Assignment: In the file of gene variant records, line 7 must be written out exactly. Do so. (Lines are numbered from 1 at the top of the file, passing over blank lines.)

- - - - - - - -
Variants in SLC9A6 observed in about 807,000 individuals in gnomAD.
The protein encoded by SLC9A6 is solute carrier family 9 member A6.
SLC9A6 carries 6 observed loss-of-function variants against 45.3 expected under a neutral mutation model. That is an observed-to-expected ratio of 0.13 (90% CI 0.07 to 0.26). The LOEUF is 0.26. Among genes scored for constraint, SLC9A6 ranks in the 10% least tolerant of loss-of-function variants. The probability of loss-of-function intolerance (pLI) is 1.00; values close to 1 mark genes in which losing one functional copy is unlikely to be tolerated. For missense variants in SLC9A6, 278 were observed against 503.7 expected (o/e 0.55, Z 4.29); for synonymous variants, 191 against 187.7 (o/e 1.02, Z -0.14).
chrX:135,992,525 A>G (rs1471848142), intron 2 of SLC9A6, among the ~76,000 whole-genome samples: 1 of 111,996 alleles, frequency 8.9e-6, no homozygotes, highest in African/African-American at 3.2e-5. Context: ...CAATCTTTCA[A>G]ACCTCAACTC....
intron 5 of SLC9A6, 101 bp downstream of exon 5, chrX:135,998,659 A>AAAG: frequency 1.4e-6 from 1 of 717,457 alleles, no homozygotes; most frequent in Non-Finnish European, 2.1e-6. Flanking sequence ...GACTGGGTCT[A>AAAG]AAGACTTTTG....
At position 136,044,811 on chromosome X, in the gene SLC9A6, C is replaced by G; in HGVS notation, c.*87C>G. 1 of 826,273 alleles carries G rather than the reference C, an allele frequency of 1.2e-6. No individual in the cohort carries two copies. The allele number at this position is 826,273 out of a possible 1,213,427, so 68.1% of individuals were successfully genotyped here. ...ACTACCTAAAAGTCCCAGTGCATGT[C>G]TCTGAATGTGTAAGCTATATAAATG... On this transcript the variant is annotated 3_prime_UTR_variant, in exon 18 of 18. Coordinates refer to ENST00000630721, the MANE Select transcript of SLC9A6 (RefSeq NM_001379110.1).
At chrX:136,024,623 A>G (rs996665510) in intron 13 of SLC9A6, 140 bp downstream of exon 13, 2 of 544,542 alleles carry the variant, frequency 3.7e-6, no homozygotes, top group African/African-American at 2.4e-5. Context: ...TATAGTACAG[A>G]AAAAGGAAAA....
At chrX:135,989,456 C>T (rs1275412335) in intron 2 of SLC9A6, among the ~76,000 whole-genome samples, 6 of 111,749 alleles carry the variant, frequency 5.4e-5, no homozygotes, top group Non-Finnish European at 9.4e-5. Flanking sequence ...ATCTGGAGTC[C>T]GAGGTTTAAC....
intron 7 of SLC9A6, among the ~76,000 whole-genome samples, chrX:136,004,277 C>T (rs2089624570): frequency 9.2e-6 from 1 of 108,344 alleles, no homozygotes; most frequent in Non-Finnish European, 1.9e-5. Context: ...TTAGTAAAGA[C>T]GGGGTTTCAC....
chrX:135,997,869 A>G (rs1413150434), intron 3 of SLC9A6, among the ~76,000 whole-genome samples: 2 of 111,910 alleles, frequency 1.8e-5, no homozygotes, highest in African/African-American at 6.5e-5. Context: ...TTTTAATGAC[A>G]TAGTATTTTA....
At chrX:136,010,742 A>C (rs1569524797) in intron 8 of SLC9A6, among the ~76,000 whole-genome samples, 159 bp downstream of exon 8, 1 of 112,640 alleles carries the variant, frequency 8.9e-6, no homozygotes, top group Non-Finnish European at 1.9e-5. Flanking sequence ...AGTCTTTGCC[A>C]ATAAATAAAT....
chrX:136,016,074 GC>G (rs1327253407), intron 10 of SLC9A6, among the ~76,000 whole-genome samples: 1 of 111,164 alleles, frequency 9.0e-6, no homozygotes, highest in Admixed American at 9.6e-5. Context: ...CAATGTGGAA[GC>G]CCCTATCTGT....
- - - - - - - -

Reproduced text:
At chrX:136,024,623 A>G (rs996665510) in intron 13 of SLC9A6, 140 bp downstream of exon 13, 2 of 544,542 alleles carry the variant, frequency 3.7e-6, no homozygotes, top group African/African-American at 2.4e-5. Context: ...TATAGTACAG[A>G]AAAAGGAAAA....